Residents Cite Safety, ‘Neighborhood Flavor’ Among Concerns With Housing Proposal
Plans for a six-story apartment complex just north of the University of Illinois campus have generated a lot of public comment.
The proposal was delayed last week so members of the Champaign Plan Commission can get more information about the 550-unit proposal on East University Avenue between 5th and Wright Streets.
Longtime residents of the neighborhood, like Maggie and Ebbie Cook, say they’ve been left in the dark on the plan until recently.
They said that large a complex, built largely for U of I students, will hurt the neighborhood, not enhance it. Ebbie cites pedestrian safety on University Avenue, and parking among his top concerns.
"Because when you get that type of influx of automobiles, they're going to go even further north," he said. "From Park Street, they're going to go to Church Street, Hill Street, Washington Street, wherever they can park (to) be close to their building. It's just a hectic mess."
Input submitted to city planners by the 5th and Hill Neighborhood Rights Campaign also cites concerns about property value, noise and light pollution.
Two backers of the project, area residents Brent and Amanda West, cite the potential for stimulating more investment in their letter, and replacing ‘blighted’ properties with safe and attractive housing.
The plan commission put off its vote last Wednesday. Lorrie Pearson with the Champaign Planning Department cites ‘inconsistencies’ with the application material, letting the developer, Investment Property Advisors,tighten up some details.
"There was an indication that they had some additional information on parking and other developments, so we're going to take a look at that, and there were some inconsistencies with labeling on their materials," she said.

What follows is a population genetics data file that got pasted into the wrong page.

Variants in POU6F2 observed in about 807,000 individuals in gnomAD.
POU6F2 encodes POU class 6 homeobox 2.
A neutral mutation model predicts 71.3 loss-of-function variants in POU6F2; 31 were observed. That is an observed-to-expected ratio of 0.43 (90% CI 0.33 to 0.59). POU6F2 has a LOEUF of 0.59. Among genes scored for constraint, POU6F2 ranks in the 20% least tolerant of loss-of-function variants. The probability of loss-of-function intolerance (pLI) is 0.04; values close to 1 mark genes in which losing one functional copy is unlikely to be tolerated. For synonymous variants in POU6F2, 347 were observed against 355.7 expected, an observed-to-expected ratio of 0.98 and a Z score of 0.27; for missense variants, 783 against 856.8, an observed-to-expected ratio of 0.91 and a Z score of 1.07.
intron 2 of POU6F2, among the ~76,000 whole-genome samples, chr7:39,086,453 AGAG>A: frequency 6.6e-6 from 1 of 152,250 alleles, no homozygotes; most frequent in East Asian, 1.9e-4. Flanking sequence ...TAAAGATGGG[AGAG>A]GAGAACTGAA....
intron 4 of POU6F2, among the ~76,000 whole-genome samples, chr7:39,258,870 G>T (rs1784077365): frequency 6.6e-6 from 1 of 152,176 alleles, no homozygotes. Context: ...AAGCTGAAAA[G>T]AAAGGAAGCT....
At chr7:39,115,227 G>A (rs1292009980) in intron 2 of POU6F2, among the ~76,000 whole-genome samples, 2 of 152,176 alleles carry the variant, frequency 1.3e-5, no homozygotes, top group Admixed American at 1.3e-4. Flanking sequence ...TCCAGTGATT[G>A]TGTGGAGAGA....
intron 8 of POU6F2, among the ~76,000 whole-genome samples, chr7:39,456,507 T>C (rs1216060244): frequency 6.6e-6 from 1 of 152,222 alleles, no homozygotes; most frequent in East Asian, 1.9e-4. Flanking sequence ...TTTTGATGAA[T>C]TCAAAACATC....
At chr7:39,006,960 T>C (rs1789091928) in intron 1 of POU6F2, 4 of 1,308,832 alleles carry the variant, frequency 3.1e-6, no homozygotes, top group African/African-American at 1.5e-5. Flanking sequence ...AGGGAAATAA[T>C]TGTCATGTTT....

The plan commission will get another look at the plan February 5th. Approval there would allow the plan to go to city council.
Excavation work continues at the site that once housed a manufactured gas plant in Champaign.
Ameren Illinois is working on the corner of 5th and Hill Streets to clear soil that is suspected of having traces of the pollutant coal tar. Most of the work to remove the soil has taken place underneath a large protective tent, but on Thursday workers dug about three feet of dirt outside of the tent.
That sparked concerns from the health care advocacy group, Champaign County Health Care Consumers. The group said a monitoring device that checks for dangerous chemicals went off, raising the possibility that nearby communities might be at risk.
"The vapors and the dust that comes up from this type of excavation are highly toxic and this is a highly irresponsible activity to do," the group's executive director, Claudia Lennhoff, said.
But Ameren spokesperson Leigh Morris dismissed that claim, saying no air monitoring equipment recorded anything that would have raised health or safety concerns. Morris said both Ameren and the Illinois Environmental Protection Agency were checking the excavation area Thursday with air monitoring equipment, which did not identify any red flags.
"There was never any type of a health concern," Morris explained. "There was some dust. The dust was caused from gravel. We did receive one complaint about that, and we watered the gravel down to end the dust problem."
The excavation happened on the edge of a gate, near two buildings used by the Center for Women in Transition. Site supervisor Jacob Blanton said there was no way the tent could have been moved with nearby power lines and a narrow alley in the way.
Morris said some additional digging outside of the protective tent will likely be performed in July.
Back in April, Champaign agreed to plug a pipe suspected of having dangerous chemicals near the Boneyard Creek, which extends to the site where the gas plant once stood. The Illinois Environmental Protection Agency has said there is no evidence to suggest coal tar has made its way from the plant into the pipeline.
(Photo by Sean Powers/WILL)